FUNDAMENTO: As complicações cardiovasculares da COVID-19 são aspectos importantes da patogênese e do prognóstico da doença. Evidências do papel prognóstico da troponina e da lesão miocárdica em pacientes hospitalizados com COVID-19 na América Latina são ainda escassos. OBJETIVOS: Avaliar a lesão miocárdica como preditor independente de mortalidade hospitalar e suporte ventilatório mecânico em pacientes hospitalizados, do registro brasileiro de COVID-19. MÉTODOS: Este estudo coorte é um subestudo do registro brasileiro de COVID-19, conduzido em 31 hospitais brasileiros de 17 cidades, de março a setembro de 2020. Os desfechos primários incluíram mortalidade hospitalar e suporte ventilatório mecânico invasivo. Os modelos para os desfechos primários foram estimados por regressão de Poisson com variância robusta, com significância estatística de p<0,05. RESULTADOS: Dos 2925 pacientes [idade mediana de 60 anos (48-71), 57,1%], 27,3% apresentaram lesão miocárdica. A proporção de pacientes com comorbidades foi maior nos pacientes com lesão miocárdica [mediana 2 (1-2) vs. 1 (0-20)]. Os pacientes com lesão miocárdica apresentaram maiores valores medianos de peptídeo natriurético cerebral, lactato desidrogenase, creatina fosfoquinase, N-terminal do pró-peptídeo natriurético tipo B e proteína C reativa em comparação a pacientes sem lesão miocárdica. Como fatores independentes, proteína C reativa e contagem de plaquetas foram relacionados com o risco de morte, e neutrófilos e contagem de plaquetas foram relacionados ao risco de suporte ventilatório mecânico invasivo. Os pacientes com níveis elevados de troponina apresentaram um maior risco de morte (RR 2,03, IC95% 1,60-2,58) e suporte ventilatório mecânico (RR 1,87;IC95% 1,57-2,23), em comparação àqueles com níveis de troponina normais. CONCLUSÃO: Lesão cardíaca foi um preditor independente de mortalidade hospitalar e necessidade de suporte ventilatório mecânico em pacientes hospitalizados com COVID-19.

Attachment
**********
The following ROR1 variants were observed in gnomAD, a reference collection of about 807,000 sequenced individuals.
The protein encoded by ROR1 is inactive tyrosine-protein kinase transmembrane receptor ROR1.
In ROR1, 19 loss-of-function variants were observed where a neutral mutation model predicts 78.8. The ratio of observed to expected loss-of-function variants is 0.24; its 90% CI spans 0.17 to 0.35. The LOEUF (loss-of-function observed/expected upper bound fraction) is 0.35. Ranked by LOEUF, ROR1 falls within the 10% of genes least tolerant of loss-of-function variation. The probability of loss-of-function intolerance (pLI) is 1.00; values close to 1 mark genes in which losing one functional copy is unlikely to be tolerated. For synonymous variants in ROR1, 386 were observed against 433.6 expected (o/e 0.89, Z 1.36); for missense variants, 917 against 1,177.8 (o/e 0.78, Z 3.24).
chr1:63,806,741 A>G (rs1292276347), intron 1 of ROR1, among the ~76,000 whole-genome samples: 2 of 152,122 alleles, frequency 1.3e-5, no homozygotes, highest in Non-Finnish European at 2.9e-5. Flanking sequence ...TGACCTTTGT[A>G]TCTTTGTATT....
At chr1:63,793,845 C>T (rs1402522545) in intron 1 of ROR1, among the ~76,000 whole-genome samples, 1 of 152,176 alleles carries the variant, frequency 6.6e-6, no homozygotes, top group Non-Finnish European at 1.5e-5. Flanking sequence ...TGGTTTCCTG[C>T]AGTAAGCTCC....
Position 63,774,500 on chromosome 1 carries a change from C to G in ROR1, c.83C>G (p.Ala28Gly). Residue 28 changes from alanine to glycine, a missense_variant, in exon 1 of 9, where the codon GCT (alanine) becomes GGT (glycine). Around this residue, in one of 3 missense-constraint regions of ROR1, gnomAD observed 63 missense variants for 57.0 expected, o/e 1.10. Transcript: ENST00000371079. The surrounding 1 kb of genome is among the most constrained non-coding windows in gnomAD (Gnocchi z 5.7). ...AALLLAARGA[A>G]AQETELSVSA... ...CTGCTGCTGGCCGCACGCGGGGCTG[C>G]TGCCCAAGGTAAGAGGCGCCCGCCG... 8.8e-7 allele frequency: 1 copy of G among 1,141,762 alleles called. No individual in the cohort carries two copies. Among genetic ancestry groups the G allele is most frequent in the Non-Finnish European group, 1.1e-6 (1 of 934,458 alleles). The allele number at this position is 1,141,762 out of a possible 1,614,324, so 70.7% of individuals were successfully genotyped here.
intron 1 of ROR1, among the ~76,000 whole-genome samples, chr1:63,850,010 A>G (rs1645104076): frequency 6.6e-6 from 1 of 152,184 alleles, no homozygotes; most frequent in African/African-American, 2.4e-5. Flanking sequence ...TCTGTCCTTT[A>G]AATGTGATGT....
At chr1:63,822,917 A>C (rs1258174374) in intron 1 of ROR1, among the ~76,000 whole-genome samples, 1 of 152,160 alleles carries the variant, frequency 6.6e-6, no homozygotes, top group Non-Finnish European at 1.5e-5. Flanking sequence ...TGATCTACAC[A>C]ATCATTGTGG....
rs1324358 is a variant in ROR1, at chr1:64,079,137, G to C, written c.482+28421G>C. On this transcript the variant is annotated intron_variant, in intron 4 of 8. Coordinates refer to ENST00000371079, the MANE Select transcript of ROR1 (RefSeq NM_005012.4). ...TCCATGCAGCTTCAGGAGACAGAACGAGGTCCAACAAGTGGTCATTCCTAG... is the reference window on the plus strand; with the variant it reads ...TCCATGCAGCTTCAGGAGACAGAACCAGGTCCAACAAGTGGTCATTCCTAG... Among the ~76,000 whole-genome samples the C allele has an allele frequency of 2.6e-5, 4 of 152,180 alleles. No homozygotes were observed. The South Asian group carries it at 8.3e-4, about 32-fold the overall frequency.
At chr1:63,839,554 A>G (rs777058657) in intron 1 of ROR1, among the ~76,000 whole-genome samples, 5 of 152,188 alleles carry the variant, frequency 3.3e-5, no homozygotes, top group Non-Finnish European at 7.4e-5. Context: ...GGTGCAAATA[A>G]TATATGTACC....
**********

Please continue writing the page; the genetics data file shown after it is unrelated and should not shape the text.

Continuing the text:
Subject(s)
COVID-19 , Heart Injuries , Female , Humans , Male , Middle Aged , Brazil/epidemiology , C-Reactive Protein , Cohort Studies , Prognosis , Aged
6.
Kardiologiia ; 62(12): 30-37, 2022 Dec 31.
Article in Russian, English | MEDLINE | ID: covidwho-2249762

ABSTRACT

Aim      To determine the effect of major electrocardiographic (ECG) parameters on the prognosis of patients with COVID-19.Material and methods  One of systemic manifestations of COVID-19 is heart injury. ECG is the most simple and available method for diagnosing the heart injury, which influences the therapeutic approach. This study included 174 hospitalized patients with COVID-19. Major ECG parameters recorded on admission and their changes before the discharge from the hospital or death of the patient, were analyzed, and the effect of each parameter on the in-hospital prognosis was determined. Results were compared with the left ventricular ejection fraction (LV EF), laboratory data, and results of multispiral computed tomography (MSCT) of the lungs.Results ECG data differed on admission and their changes differed for deceased and discharged patients. Of special interest was the effect of the QRS complex duration at baseline and at the end of treatment on the in-hospital survival and mortality rate. The Cox regression analysis showed that the QRS complex duration (relative risk (RR) 2.07, 95% confidence interval (CI): 1.17-3.66; р=0.01), MSCT data (RR, 1.54; 95 % CI: 1.14-2.092; р=0.005), and glomerular filtration rate (GFR) (RR, 0.98; 95 % CI: 0.96-0.99; р=0.001) had the highest predictive significance. In further comparison of these three indexes, the QRS duration and GFR retained their predictive significance, and a ROC analysis showed that the cut-off QRS complex duration was 125 ms (р=0.001). Patients who developed left bundle branch block (LBBB) in the course of disease also had an unfavorable prognosis compared to other intraventricular conduction disorders (р=0.038). The presence of LBBB was associated with reduced LV EF (р=0.0078). The presence of atrial fibrillation (AF) significantly predetermines a worse outcome both at the start (р=0.011) and at the end of observation (р=0.034). A higher mortality was observed for the group of deceased patients with ST segment deviations, ST elevation (р=0.0059) and ST depression (р=0.028).Conclusion      Thus, the QTc interval elongation, LBBB that developed during the treatment, AF, and increased QRS complex duration are the indicators that determine the in-hospital prognosis of patients with COVID-19. The strongest electrocardiographic predictor for an unfavorable prognosis was the QRS complex duration that allowed stratification of patients to groups of risk.